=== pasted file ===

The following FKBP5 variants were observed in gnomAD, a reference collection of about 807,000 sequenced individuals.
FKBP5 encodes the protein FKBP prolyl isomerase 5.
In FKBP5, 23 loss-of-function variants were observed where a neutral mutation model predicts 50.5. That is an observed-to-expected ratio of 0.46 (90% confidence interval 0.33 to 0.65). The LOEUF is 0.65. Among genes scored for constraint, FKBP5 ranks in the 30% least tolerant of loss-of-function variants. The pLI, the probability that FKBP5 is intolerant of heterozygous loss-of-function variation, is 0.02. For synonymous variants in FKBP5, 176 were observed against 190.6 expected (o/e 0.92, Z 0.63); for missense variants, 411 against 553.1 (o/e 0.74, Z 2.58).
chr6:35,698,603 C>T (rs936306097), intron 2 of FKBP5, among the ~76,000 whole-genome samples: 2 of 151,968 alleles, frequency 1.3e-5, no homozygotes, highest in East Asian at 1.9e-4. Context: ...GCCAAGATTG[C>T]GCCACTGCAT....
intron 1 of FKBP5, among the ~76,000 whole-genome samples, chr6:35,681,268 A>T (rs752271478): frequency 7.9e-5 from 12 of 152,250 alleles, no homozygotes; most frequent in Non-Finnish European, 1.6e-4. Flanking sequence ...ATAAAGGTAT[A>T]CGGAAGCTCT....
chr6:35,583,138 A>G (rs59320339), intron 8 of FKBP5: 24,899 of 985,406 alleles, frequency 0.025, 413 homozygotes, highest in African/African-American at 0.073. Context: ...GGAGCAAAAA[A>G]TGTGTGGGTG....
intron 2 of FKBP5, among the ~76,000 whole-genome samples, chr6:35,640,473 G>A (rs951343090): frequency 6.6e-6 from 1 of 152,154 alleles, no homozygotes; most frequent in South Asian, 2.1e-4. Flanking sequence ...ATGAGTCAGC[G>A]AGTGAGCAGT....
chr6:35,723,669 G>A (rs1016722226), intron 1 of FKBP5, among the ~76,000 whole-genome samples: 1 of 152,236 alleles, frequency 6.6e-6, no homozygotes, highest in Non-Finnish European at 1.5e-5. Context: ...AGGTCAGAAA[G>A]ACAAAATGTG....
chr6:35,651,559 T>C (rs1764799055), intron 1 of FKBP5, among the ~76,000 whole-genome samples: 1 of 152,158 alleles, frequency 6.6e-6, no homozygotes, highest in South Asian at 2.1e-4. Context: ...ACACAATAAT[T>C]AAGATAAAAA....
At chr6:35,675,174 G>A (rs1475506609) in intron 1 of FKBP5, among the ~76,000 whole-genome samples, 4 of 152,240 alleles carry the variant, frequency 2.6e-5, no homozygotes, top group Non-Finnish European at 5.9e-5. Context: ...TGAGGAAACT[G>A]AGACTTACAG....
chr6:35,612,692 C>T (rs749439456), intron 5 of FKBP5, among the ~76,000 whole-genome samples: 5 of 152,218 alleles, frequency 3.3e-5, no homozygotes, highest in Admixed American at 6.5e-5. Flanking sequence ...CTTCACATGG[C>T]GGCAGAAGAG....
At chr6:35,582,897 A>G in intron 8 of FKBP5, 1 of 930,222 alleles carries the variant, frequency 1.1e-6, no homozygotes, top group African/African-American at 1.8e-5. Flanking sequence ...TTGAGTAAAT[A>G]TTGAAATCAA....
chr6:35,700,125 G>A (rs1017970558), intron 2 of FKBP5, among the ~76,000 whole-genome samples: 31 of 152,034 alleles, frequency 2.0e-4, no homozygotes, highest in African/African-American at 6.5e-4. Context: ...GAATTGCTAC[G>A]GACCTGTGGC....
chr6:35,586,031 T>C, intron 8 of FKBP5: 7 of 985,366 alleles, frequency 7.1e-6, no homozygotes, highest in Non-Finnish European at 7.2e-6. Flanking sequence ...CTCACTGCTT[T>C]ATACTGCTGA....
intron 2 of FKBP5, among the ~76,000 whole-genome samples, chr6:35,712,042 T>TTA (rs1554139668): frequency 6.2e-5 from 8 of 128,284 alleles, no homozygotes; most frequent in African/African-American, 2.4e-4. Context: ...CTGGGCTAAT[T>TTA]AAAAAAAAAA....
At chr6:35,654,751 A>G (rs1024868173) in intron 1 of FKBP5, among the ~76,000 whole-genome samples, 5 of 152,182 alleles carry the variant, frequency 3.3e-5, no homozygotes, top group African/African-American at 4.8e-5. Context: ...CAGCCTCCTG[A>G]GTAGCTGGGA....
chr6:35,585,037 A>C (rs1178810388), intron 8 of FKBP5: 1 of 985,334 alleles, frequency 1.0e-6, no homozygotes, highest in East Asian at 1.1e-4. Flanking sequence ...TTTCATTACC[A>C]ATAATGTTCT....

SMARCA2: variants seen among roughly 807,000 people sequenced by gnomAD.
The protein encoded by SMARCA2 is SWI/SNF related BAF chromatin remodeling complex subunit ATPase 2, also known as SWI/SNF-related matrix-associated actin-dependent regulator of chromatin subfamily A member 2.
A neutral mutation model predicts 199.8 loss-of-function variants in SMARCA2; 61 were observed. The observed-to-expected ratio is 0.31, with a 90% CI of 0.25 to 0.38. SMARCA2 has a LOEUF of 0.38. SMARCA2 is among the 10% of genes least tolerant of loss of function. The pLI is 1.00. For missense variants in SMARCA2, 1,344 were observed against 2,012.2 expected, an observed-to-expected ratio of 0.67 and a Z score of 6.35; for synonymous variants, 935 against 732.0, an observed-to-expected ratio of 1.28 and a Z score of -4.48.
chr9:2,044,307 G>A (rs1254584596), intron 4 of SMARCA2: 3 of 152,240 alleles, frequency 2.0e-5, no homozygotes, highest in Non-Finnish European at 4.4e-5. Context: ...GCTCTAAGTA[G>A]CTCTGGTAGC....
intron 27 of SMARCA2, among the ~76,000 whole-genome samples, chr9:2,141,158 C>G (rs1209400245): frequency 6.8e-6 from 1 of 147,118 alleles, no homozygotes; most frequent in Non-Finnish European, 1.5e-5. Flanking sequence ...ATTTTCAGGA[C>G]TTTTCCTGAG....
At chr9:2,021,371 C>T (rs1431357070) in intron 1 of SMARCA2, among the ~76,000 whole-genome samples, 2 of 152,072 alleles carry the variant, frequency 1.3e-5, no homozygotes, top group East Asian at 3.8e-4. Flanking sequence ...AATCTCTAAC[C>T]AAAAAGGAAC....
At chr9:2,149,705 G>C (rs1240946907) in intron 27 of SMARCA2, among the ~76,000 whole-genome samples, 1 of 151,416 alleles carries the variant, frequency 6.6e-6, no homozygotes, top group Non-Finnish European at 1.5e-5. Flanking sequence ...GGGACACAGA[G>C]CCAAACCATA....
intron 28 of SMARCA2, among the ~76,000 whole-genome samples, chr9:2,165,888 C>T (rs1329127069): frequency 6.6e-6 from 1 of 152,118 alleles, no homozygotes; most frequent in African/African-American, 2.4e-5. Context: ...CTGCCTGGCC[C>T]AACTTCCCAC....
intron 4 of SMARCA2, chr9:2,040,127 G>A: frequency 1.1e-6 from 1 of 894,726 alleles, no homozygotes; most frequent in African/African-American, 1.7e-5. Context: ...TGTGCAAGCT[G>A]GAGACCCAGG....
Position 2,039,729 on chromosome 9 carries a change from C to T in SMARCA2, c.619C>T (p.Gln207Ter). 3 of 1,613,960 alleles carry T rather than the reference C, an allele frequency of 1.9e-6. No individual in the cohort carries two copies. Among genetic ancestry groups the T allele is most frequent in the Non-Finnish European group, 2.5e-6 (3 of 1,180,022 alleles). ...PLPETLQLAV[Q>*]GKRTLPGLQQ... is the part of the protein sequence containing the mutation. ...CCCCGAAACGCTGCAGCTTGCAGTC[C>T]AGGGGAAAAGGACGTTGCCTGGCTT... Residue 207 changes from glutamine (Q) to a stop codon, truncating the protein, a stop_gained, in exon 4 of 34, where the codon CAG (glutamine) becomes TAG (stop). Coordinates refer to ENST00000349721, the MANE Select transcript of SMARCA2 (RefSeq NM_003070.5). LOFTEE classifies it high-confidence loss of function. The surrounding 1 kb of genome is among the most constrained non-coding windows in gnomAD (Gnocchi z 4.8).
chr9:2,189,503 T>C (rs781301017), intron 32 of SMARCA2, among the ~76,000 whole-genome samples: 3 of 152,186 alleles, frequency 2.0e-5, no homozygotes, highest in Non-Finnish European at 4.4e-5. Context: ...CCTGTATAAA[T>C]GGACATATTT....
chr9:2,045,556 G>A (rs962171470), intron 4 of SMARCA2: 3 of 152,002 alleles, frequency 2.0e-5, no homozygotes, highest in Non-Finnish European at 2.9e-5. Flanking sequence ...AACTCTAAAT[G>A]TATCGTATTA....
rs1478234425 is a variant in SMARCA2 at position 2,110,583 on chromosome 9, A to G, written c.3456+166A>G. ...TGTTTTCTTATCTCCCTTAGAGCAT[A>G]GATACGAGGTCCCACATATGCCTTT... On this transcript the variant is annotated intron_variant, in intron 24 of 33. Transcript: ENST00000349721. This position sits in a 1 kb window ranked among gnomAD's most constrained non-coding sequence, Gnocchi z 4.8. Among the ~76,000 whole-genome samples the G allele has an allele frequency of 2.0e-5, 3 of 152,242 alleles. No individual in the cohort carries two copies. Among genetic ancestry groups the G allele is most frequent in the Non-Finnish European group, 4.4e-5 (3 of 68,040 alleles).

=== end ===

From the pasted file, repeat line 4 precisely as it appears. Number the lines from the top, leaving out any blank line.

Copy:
chr6:35,698,603 C>T (rs936306097), intron 2 of FKBP5, among the ~76,000 whole-genome samples: 2 of 151,968 alleles, frequency 1.3e-5, no homozygotes, highest in East Asian at 1.9e-4. Context: ...GCCAAGATTG[C>T]GCCACTGCAT....